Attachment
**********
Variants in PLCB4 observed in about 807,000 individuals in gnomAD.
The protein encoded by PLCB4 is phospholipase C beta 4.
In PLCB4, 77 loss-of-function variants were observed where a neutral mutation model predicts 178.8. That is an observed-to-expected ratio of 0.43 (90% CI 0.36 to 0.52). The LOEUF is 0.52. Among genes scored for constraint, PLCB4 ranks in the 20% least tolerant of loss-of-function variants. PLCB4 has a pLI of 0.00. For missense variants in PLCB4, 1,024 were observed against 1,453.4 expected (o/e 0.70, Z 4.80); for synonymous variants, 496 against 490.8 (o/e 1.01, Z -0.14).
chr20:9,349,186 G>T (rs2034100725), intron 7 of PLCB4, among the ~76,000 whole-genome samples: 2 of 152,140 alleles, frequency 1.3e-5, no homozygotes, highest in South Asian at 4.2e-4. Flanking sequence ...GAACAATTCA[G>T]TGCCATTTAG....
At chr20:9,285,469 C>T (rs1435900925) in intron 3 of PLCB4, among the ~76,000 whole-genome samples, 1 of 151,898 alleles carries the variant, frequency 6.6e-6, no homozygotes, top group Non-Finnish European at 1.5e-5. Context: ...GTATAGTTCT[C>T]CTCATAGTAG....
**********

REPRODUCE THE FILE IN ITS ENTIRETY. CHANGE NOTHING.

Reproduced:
Variants in PLCB4 observed in about 807,000 individuals in gnomAD.
The protein encoded by PLCB4 is phospholipase C beta 4.
In PLCB4, 77 loss-of-function variants were observed where a neutral mutation model predicts 178.8. That is an observed-to-expected ratio of 0.43 (90% CI 0.36 to 0.52). The LOEUF is 0.52. Among genes scored for constraint, PLCB4 ranks in the 20% least tolerant of loss-of-function variants. PLCB4 has a pLI of 0.00. For missense variants in PLCB4, 1,024 were observed against 1,453.4 expected (o/e 0.70, Z 4.80); for synonymous variants, 496 against 490.8 (o/e 1.01, Z -0.14).
chr20:9,349,186 G>T (rs2034100725), intron 7 of PLCB4, among the ~76,000 whole-genome samples: 2 of 152,140 alleles, frequency 1.3e-5, no homozygotes, highest in South Asian at 4.2e-4. Flanking sequence ...GAACAATTCA[G>T]TGCCATTTAG....
At chr20:9,285,469 C>T (rs1435900925) in intron 3 of PLCB4, among the ~76,000 whole-genome samples, 1 of 151,898 alleles carries the variant, frequency 6.6e-6, no homozygotes, top group Non-Finnish European at 1.5e-5. Context: ...GTATAGTTCT[C>T]CTCATAGTAG....